NIST draft specs spark do-over

NIST's Curt Barker says the FIPS 201 revision will minimize the changes agencies and vendors will have to make to cards to assure compliance.

Rick Steele

The verdict is in on the National Institute of Standards and Technology's month-old draft specifications for a governmentwide smart card. No thanks, agencies and industry have said overwhelmingly.

As a result, the government will revise the Federal Information Processing Standard 201 and Special Publication 800-73 detailing the specs for the personal identity verification (PIV) cards. The government issued drafts last month.

'When 800-73 and FIPS 201 came out, a lot of people felt pretty prickly' about significant differences between the new draft standards and the 2003 Government Smart Card Interoperability Specification 2.1, said Jeremy Grant, enterprise solutions vice president at Maximus Inc. of Reston, Va.

That specification represented 'a good five years of work invested by government and industry,' Grant said. Maximus is one of four contractors on the General Services Administration's Smart Access Common ID vehicle, awarded in 2000.

'Agencies looked at the new draft specs and said they would have to throw their work out the window,' Grant said. 'NIST heard a unanimous message: These were interesting ideas, but not realistically supported' by current products.

NASA computer scientist Tim Baldridge, chairman of the Government Smart Card Interagency Advisory Board's architecture working group, said products fitting FIPS 201 would be impossible to build in the time frame set by last August's Homeland Security Presidential Directive 12.

'Such an extensive change in direction would render current technology irrelevant' for new deployments and hurt vendors that have invested heavily to meet the GSC-IS 2.1 standard, Baldridge said. NASA itself would have to phase in necessary interoperability features for its Common Badging and Access Control Systems project, of which Baldridge is chief engineer.

NIST drafted FIPS 201 in response to the presidential directive, which mandated a secure, common credential. The first draft identified several minimum characteristics for PIV cards, including embedded contact and contactless chips, digital left and right index fingerprints, public-key infrastructure certificates and a cryptographic algorithm.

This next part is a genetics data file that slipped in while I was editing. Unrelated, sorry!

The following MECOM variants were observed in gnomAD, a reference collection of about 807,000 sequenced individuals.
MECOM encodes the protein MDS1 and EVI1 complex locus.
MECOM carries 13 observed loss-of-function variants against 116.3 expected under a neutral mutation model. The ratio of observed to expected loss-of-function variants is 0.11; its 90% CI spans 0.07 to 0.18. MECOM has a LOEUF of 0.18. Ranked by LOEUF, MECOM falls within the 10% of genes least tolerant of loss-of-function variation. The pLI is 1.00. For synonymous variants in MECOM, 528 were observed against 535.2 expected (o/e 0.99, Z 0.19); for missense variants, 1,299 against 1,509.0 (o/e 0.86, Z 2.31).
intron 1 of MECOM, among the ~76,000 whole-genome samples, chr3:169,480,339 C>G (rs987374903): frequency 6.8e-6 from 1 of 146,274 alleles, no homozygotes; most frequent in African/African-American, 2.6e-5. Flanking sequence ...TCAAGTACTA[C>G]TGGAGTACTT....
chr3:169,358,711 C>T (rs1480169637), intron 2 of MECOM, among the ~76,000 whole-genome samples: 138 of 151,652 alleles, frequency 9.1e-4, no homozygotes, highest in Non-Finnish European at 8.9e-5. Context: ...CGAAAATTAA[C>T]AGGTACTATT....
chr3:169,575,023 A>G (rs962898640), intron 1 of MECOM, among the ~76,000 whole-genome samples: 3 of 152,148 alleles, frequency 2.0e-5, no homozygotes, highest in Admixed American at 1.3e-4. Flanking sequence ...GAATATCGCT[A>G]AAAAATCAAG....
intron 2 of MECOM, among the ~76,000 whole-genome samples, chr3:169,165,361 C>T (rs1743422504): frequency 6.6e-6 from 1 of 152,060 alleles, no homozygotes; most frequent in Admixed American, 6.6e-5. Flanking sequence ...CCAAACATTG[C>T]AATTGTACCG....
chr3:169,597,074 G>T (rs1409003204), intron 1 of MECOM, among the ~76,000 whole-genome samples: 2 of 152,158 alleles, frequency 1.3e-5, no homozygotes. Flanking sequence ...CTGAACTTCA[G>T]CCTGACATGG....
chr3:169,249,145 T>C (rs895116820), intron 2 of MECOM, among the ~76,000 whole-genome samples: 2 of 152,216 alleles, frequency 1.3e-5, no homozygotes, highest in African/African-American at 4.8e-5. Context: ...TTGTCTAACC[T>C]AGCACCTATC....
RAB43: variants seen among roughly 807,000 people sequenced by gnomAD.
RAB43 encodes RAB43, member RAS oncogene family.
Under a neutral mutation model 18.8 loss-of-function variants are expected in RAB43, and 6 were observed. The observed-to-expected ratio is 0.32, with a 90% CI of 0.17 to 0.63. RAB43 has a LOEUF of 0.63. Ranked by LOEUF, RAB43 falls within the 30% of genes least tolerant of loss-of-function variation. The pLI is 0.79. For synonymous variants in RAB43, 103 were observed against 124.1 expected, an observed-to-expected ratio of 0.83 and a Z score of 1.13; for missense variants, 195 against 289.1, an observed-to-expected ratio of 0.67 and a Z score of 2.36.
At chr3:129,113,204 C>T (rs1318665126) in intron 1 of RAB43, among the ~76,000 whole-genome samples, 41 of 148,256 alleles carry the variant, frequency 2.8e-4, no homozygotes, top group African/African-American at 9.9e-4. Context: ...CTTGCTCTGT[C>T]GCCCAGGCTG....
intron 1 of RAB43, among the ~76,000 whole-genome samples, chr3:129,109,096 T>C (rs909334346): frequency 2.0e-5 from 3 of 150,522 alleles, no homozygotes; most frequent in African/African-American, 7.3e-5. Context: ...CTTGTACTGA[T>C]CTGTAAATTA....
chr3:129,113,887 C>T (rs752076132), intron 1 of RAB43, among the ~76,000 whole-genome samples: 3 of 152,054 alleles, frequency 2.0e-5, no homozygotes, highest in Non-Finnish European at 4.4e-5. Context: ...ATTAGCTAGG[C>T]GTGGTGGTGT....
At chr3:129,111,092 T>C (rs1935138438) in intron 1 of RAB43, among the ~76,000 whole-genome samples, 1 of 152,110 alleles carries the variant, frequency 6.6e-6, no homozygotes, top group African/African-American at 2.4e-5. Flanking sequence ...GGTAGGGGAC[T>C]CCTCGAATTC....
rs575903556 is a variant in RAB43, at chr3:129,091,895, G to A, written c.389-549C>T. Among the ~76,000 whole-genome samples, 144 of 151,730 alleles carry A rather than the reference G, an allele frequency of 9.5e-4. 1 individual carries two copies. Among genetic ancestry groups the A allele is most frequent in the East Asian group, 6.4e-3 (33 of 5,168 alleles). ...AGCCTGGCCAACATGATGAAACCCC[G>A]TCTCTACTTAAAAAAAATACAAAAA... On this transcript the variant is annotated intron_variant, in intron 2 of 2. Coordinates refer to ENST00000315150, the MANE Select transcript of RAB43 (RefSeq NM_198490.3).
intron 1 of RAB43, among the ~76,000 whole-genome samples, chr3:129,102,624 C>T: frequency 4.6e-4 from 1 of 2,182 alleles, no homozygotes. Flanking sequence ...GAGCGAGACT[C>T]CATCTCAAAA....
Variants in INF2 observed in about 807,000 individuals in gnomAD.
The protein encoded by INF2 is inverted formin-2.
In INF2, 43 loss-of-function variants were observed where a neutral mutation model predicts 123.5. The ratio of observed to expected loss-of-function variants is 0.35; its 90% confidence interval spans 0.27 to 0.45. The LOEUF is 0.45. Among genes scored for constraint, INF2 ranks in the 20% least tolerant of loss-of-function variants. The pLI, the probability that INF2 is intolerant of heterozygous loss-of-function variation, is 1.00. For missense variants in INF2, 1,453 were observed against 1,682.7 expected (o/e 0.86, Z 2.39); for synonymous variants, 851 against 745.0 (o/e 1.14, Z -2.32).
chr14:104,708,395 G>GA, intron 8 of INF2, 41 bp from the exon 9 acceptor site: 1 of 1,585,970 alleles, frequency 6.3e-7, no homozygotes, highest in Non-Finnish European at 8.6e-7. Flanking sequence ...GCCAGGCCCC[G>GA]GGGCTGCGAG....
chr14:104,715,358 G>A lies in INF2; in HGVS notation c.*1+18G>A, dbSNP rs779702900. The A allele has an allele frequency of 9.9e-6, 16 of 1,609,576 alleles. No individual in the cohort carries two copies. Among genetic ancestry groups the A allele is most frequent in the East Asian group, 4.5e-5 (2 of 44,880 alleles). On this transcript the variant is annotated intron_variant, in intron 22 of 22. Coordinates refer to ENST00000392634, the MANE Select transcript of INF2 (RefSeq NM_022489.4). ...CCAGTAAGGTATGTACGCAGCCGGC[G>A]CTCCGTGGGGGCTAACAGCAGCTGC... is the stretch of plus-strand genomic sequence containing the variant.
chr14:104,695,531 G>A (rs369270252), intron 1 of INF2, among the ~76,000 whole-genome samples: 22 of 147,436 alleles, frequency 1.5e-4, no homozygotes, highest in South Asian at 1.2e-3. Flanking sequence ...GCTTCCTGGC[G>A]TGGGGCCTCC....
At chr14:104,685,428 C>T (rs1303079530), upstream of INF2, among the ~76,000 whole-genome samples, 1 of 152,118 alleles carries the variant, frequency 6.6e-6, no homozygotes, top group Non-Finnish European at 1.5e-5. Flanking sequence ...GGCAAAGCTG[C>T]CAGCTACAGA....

The Commerce Department, NIST's parent agency, still intends to issue the final versions of the special publication and standard by the Feb. 25 deadline mandated by the president's directive, said NIST's Curt Barker, co-chairman of the PIV project at NIST.

The Government Smart Card Interagency Advisory Board will help revise SP 800-73 by Jan. 20, and NIST will rework FIPS 201, Barker said.

The interagency board is 'working to come up with something more recognizable to vendors with large programs,' he said, to minimize changes required for compliance.

'Any software changes mean considerable expense,' Barker said. For example, vendors might have to rewrite their client and card management software or middleware.

The draft SP 800-73 described two models for the PIV card'file system-oriented and Java object-oriented'but it emphasized the first model, Barker said.

In contrast, many existing smart-card programs are Java-based, including those at the Defense, State and Treasury departments, as well as at GSA, NASA and the Transportation Security Administration, which recently began testing its biometric Transportation Worker Identification Credential.

The file system and object-oriented models in the draft SP 800-73 'use slightly different command terms, and ideally the FIPS should accommodate both,' Barker said.

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